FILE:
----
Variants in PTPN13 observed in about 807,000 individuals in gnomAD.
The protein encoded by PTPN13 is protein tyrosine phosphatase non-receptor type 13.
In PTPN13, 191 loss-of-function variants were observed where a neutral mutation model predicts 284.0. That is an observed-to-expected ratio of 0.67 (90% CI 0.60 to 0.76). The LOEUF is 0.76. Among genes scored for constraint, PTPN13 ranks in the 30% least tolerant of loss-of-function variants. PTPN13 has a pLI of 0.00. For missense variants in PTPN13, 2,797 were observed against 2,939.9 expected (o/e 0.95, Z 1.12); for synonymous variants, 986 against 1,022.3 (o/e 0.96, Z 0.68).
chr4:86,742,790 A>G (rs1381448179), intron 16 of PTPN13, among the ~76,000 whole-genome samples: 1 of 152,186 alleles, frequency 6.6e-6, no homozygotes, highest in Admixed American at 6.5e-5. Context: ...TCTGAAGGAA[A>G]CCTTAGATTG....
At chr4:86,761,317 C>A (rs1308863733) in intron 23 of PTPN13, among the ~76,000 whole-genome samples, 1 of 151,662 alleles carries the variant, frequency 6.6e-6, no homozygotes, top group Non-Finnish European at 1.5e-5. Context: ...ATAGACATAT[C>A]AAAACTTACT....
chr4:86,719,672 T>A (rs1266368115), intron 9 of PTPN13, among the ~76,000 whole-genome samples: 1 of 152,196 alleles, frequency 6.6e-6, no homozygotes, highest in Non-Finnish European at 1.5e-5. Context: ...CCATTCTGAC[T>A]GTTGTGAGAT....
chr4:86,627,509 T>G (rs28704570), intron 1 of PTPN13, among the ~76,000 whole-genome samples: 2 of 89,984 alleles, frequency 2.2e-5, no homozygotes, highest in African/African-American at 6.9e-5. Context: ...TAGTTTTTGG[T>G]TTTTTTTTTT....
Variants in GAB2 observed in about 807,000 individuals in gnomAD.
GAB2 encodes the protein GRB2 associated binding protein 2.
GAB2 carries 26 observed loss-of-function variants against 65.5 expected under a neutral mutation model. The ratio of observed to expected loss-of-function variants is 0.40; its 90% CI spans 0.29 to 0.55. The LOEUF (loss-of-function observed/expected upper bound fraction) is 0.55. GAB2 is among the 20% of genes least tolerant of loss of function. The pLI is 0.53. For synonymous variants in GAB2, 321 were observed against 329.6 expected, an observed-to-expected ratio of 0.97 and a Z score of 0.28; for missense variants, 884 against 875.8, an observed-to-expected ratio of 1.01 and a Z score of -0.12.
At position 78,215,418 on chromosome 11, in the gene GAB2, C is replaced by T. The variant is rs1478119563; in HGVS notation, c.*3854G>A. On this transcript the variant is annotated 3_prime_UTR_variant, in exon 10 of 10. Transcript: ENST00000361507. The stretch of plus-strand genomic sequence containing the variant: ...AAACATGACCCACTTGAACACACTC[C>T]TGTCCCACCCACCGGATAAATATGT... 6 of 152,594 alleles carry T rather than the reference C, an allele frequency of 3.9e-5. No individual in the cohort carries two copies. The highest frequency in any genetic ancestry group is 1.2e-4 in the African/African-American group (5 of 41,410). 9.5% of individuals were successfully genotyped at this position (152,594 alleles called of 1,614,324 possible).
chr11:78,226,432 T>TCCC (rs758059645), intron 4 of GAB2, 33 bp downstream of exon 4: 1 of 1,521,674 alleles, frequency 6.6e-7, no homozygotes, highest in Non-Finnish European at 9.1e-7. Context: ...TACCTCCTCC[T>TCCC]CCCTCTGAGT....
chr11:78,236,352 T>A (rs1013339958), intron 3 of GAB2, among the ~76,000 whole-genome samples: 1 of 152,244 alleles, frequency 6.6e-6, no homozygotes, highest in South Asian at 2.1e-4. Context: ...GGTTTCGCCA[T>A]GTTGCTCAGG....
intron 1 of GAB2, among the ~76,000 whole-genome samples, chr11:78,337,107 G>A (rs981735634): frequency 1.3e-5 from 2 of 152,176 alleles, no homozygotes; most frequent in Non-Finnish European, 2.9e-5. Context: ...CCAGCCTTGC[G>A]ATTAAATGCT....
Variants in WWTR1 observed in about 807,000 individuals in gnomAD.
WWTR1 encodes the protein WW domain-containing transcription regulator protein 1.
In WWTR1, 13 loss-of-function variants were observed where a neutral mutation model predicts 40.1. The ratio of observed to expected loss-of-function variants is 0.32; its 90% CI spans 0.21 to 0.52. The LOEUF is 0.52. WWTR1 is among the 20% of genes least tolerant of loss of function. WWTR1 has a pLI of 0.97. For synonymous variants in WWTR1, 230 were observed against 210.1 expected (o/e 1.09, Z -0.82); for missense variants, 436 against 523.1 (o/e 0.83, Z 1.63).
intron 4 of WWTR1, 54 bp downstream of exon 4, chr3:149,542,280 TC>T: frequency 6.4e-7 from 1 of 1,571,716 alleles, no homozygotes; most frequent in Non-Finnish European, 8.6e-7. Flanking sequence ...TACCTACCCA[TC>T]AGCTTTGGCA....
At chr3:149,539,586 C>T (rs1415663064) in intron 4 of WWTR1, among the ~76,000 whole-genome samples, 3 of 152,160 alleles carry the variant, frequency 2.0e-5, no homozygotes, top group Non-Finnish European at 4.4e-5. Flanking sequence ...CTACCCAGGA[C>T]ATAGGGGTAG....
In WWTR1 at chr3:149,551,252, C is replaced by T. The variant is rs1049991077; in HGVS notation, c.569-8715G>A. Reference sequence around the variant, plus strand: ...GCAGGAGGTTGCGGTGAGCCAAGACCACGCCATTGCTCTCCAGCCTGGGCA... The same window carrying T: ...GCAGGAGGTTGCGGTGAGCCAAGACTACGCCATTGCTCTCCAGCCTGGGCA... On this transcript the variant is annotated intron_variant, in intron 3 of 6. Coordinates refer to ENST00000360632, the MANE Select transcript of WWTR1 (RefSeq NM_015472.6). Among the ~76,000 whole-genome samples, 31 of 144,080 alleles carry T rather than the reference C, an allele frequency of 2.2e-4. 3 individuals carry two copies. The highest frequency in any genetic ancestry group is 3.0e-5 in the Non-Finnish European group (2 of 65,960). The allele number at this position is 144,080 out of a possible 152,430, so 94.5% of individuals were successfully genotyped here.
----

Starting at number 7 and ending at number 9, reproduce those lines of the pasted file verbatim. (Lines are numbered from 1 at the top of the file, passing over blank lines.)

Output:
chr4:86,627,509 T>G (rs28704570), intron 1 of PTPN13, among the ~76,000 whole-genome samples: 2 of 89,984 alleles, frequency 2.2e-5, no homozygotes, highest in African/African-American at 6.9e-5. Context: ...TAGTTTTTGG[T>G]TTTTTTTTTT....
Variants in GAB2 observed in about 807,000 individuals in gnomAD.
GAB2 encodes the protein GRB2 associated binding protein 2.